With the score now 4-all, the two best players in college squash, Sanchez and Chaudhry, battled intensely for the national team championship. Chaudhry went up two games to one, but Sanchez went from 5-2 to 9-2 in the fourth and then charged to 5-0 in the fifth, constituting a 9-0 combined-games run. After coaching Sanchez in the between-games break prior to the fifth game, Callahan spent the entire last game nervously pacing in the corridor just outside his office. Sanchez was a terrific athlete --- once the track coach happened to see Sanchez running sprints and asked him to try out for the track team --- but was prone to hit loose drives, which was the worst thing one could do against the 6’4” Chaudhry, who was expert at backing opponents out with his sizable body and then crushing the ball down the open wall. Later some of the Princeton players said that they felt the play was always on Chaudhry’s racquet, but that at 5-0, with Sanchez having the momentum, the score, the home court and the recent dual-meet win in his favor, they thought Sanchez was positioned to win. On the other hand, Coach Assaiante, when asked by his assistant coach Reg Schonborn if he felt that Chaudhry was going to win, responded, “I don’t know, but I can’t imagine him not doing so.”


The expectations of others aside, Chaudhry answered the challenges and exigencies of the moment by imposing the full thrust of his fearsome arsenal when it was needed the most, surging through the next seven points, after which the score remained 7-5 for several tension minutes’ worth of hands-out. Chaudhry finally got to match ball on a wall-hugging drive and ripped a forehand cross-court past Sanchez, whose last-ditch effort to flip the ball off the back wall plummeted to the floor well short of the front wall like a bird that had been shot through the heart. These same two players met in the final round of the Individuals at Williams College one week later and Chaudhry again won in five games.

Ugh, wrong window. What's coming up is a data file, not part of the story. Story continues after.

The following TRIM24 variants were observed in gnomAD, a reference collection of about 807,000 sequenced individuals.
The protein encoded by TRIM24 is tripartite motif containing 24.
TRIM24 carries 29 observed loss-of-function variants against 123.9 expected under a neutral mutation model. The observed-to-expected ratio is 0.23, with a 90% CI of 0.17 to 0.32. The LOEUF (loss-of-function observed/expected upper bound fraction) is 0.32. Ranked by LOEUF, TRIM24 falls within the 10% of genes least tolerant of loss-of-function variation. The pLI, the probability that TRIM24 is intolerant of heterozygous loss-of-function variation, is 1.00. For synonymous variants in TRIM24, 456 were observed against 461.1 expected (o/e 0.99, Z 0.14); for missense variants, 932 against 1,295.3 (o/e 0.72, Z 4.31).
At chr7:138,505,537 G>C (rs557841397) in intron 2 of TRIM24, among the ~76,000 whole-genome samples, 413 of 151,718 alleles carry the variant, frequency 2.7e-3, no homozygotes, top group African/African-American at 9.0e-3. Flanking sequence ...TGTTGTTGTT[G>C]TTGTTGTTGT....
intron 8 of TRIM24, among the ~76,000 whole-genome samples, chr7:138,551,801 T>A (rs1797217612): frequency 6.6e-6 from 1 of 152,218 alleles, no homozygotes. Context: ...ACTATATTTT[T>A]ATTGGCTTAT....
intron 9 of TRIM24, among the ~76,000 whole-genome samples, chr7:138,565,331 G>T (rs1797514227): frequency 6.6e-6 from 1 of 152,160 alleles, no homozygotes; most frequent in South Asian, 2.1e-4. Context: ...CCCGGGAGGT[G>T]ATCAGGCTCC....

Chaudhry’s Individuals semi had been over his freshman teammate Malhotra, whose path to that stage of the draw had been highlighted by his five-game round-of-16 win over Detter. It is a sign of how strong and deep the Bantam lineup was that Malhotra was able to defeat a player who was six spots ahead of him in the lineup --- and it is a compelling sign as well of the bond that existed within the Trinity team that, when the players shook hands after the final point, Detter was able to rise above the disappointment of having his college career end a few matches ahead of schedule by telling Malhotra how happy he was to be able to graduate with a clear conscience, secure in the knowledge that the perpetuation of the Trinity dynasty was in good hands with a player of Malhotra’s quality positioned to carry the tradition forward. Malhotra would wind up advancing to the semifinal round of the Individuals in each of the next three years as well, making him the only player in the history of Trinity men’s squash to get to at least the semis of the Individuals all four years.